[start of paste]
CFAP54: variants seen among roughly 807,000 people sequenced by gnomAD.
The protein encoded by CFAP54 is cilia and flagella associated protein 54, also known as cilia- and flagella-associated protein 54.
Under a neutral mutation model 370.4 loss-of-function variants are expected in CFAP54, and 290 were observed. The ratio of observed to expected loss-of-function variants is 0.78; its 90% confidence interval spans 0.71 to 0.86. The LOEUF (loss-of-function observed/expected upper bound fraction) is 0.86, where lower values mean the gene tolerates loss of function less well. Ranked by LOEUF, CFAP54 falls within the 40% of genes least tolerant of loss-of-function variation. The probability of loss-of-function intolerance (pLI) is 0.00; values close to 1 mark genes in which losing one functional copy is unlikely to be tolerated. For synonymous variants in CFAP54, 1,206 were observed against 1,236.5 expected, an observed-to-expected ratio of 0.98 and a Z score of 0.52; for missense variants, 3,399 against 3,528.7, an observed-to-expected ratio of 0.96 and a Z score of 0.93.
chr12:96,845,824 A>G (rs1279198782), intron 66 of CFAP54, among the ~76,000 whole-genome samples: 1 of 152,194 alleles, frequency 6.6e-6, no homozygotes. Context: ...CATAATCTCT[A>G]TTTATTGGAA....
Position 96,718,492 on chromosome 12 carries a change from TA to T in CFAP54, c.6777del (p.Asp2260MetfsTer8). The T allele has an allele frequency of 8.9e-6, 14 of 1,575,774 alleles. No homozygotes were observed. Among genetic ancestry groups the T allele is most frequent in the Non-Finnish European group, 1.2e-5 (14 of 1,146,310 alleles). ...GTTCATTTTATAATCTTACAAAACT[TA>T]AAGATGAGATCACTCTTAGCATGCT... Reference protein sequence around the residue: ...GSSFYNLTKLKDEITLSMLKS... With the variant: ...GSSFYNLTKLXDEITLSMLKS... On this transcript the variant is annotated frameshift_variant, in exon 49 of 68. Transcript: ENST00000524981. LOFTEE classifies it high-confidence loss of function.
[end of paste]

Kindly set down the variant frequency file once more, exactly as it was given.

CFAP54: variants seen among roughly 807,000 people sequenced by gnomAD.
The protein encoded by CFAP54 is cilia and flagella associated protein 54, also known as cilia- and flagella-associated protein 54.
Under a neutral mutation model 370.4 loss-of-function variants are expected in CFAP54, and 290 were observed. The ratio of observed to expected loss-of-function variants is 0.78; its 90% confidence interval spans 0.71 to 0.86. The LOEUF (loss-of-function observed/expected upper bound fraction) is 0.86, where lower values mean the gene tolerates loss of function less well. Ranked by LOEUF, CFAP54 falls within the 40% of genes least tolerant of loss-of-function variation. The probability of loss-of-function intolerance (pLI) is 0.00; values close to 1 mark genes in which losing one functional copy is unlikely to be tolerated. For synonymous variants in CFAP54, 1,206 were observed against 1,236.5 expected, an observed-to-expected ratio of 0.98 and a Z score of 0.52; for missense variants, 3,399 against 3,528.7, an observed-to-expected ratio of 0.96 and a Z score of 0.93.
chr12:96,845,824 A>G (rs1279198782), intron 66 of CFAP54, among the ~76,000 whole-genome samples: 1 of 152,194 alleles, frequency 6.6e-6, no homozygotes. Context: ...CATAATCTCT[A>G]TTTATTGGAA....
Position 96,718,492 on chromosome 12 carries a change from TA to T in CFAP54, c.6777del (p.Asp2260MetfsTer8). The T allele has an allele frequency of 8.9e-6, 14 of 1,575,774 alleles. No homozygotes were observed. Among genetic ancestry groups the T allele is most frequent in the Non-Finnish European group, 1.2e-5 (14 of 1,146,310 alleles). ...GTTCATTTTATAATCTTACAAAACT[TA>T]AAGATGAGATCACTCTTAGCATGCT... Reference protein sequence around the residue: ...GSSFYNLTKLKDEITLSMLKS... With the variant: ...GSSFYNLTKLXDEITLSMLKS... On this transcript the variant is annotated frameshift_variant, in exon 49 of 68. Transcript: ENST00000524981. LOFTEE classifies it high-confidence loss of function.